Must-Have WordPress Plugins

First, I’ve got WP-Cache 2.0, my favorite of the bunch. I’ll just let the developer describe what WP-Cache does:

WP-Cache is an extremely efficient WordPress page caching system to make your site much faster and responsive. It works by caching Worpress pages and storing them in a static file for serving future requests directly from the file rather than loading and compiling the whole PHP code and then building the page from the database. WP-Cache allows to serve hundred of times more pages per second, and to reduce the response time from several tenths of seconds to less than a millisecond.

WP-Cache started from the “Staticize Reloaded” by matt and billzeller. Most of their recommendations also apply to WP-Cache. Current version, WP-Cache2, is a huge improvement over previous versions of WP-Cache.

It does exactly that, nothing more, nothing less. The administration interface is very nice, showing what pages are currently cached and the age of the cached page. It features a cache expiration setting, so a cached page will expire after a given number of seconds. Next time the expired page is hit, a new version will be cached. It also includes the ability to exclude certain pages from being cached. That way, when there’s any new content posted (new post or a comment), the new page content will be cached, so people never really see an out-of-date page.

Granted, there’s no noticible speed increase when loading some page, only due to the fact those pages serve so quickly without the cache. It does help with the main page, without a doubt. Before I started using WP-Cache, my database would do roughly 4 queries a second, on average. Now it’s never averaging more than 2 queries per second.

The second plugin is IPAT (Inline Pingbacks And Trackbacks), from Slobokan. I wrote about this one before, but it deserves to be included here too. At the time, IPAT was the only option as the inline trackback plugin from Kimberly Emerson was giving a 404 error when trying to download. Seems Kimberly lost the old code, but since then she’s written a new version which seems to be exactly like IPAT. IPAT was built on her original inline trackback code.

I’ll continue using IPAT simply because I’ve made a few adjustments to it for my own purposes, very minor adjustments at that.

The third and final WordPress plugin is “Post Moderation“. Although I’m not using this plugin, I have played around with it quite a bit. I really have no use for it as I’m the only author at this site (anyone wanna change that, let me know). The post moderation plugin allows multiple authors on your site and lets you maintain full editorial control. Isn’t that why so many people use MovableType instead of WordPress? Seems silly to buy a software package when there’s a WordPress plugin that accomplishes basically the same thing. Maybe MovableType has more desireable features than that, but I’ve seen many people say their reasons for staying with MovableType is to allow multiple authors. This plugin isn’t even required to have multiple authors in WordPress, it just allows you to keep editorial control over everything that’s published.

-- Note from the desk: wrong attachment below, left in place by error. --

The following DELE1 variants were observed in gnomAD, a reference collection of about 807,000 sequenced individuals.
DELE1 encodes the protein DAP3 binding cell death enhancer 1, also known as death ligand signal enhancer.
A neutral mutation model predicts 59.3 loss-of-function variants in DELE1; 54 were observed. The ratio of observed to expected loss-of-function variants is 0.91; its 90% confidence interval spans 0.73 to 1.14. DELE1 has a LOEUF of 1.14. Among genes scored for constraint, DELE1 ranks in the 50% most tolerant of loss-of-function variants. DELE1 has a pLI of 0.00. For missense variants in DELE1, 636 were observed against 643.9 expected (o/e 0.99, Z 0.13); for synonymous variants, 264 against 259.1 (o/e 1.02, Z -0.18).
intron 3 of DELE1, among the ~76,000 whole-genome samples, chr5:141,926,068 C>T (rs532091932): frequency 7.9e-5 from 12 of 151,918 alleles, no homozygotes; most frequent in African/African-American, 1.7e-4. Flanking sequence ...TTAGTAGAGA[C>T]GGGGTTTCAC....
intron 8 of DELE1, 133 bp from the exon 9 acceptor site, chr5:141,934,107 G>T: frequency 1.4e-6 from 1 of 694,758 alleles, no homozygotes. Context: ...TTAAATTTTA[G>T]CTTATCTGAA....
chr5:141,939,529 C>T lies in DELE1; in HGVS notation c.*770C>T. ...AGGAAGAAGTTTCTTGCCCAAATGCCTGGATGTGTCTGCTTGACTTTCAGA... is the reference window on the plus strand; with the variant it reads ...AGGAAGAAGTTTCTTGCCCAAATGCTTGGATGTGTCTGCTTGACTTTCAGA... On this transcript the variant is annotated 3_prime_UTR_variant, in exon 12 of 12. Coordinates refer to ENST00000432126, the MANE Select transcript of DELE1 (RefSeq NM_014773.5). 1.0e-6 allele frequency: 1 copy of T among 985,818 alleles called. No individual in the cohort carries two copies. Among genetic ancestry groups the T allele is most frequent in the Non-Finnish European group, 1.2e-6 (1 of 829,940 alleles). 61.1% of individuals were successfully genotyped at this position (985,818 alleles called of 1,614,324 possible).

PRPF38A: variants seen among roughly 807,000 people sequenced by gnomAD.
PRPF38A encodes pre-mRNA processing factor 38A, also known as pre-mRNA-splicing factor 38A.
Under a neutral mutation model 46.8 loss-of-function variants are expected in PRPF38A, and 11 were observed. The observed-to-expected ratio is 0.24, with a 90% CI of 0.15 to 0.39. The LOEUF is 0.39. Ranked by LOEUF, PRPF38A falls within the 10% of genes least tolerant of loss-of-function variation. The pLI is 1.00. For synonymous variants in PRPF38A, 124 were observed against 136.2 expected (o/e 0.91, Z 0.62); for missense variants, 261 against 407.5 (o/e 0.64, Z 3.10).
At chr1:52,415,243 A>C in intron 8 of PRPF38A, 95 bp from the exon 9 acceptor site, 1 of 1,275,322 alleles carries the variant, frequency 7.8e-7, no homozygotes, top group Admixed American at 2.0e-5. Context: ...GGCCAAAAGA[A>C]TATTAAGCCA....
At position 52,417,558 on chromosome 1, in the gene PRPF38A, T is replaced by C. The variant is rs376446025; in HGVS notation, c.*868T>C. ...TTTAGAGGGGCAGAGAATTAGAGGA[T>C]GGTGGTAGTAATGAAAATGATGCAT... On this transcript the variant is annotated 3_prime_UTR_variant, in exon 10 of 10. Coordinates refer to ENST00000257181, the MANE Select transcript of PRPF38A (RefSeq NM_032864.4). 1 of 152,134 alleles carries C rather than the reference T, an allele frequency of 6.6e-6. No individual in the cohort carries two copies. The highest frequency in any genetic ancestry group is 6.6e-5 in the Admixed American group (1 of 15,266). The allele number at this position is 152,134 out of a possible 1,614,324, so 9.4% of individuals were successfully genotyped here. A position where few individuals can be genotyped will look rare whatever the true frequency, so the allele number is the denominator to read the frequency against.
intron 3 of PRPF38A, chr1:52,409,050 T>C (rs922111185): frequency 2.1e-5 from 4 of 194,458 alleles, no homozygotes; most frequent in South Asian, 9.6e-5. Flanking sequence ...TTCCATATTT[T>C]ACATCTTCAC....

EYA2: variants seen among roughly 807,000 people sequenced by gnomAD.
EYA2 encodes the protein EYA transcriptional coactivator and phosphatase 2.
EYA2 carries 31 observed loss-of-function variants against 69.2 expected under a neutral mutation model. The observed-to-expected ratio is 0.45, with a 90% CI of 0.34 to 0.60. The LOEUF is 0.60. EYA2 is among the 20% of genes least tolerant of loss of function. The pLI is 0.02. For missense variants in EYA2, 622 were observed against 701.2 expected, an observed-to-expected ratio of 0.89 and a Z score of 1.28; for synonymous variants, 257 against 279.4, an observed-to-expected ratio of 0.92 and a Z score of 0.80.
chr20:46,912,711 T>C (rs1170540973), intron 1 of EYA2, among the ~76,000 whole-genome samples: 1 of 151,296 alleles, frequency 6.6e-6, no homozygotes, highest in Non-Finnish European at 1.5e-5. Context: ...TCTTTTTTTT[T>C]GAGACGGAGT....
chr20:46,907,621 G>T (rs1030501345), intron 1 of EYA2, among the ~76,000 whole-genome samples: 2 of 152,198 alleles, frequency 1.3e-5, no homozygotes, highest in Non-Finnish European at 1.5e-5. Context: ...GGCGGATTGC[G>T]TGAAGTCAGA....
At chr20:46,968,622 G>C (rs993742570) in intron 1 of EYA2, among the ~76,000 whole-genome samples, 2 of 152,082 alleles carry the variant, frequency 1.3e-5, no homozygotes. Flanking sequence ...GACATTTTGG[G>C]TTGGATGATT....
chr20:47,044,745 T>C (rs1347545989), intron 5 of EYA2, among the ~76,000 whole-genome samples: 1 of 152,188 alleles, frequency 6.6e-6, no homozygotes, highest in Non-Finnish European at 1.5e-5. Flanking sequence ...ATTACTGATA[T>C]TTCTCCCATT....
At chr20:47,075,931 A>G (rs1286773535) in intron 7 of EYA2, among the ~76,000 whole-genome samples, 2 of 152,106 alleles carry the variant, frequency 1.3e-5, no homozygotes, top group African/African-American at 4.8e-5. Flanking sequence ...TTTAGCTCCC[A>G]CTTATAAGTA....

Might be something for you team bloggers to check out. Hopefully you’ll find one of the three plugins above somewhat useful. I know lots of WordPress people would enjoy inline trackback ability. Probably not so many people would get much use out of WP-Cache, but it sure speeds load times if you’ve got a lot of content on your main page, or any page for that matter.

Linked for attention at Outside The Beltway, NIF, Mudville Gazette, basil’s blog, Iowa Voice, and Common Folk using Common Sense.


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8 thoughts on “Must-Have WordPress Plugins

  1. Pingback: Iowa Voice
  2. Interesting stuff; I’ll give the first two a looksee.

    I’m curious why people think you can’t do multiple authors on WordPress? It has a tiered author privileges system from 1-10 that allows those with higher privileges to edit those with less ones but not vice-versa. I can easily edit the work of my contributors if I find a broken link or typo, want to add a photo, make it conform to the house style, etc.

  3. I know what you’re sayin James. Personally, I can’t see myself ever needing anything more than the tiered privs system.

    People probably assume WordPress is somehow lacking severely in features due to it’s being free. Open Source software today is often on par with many commercial products.

  4. Pingback: Jack Yoest

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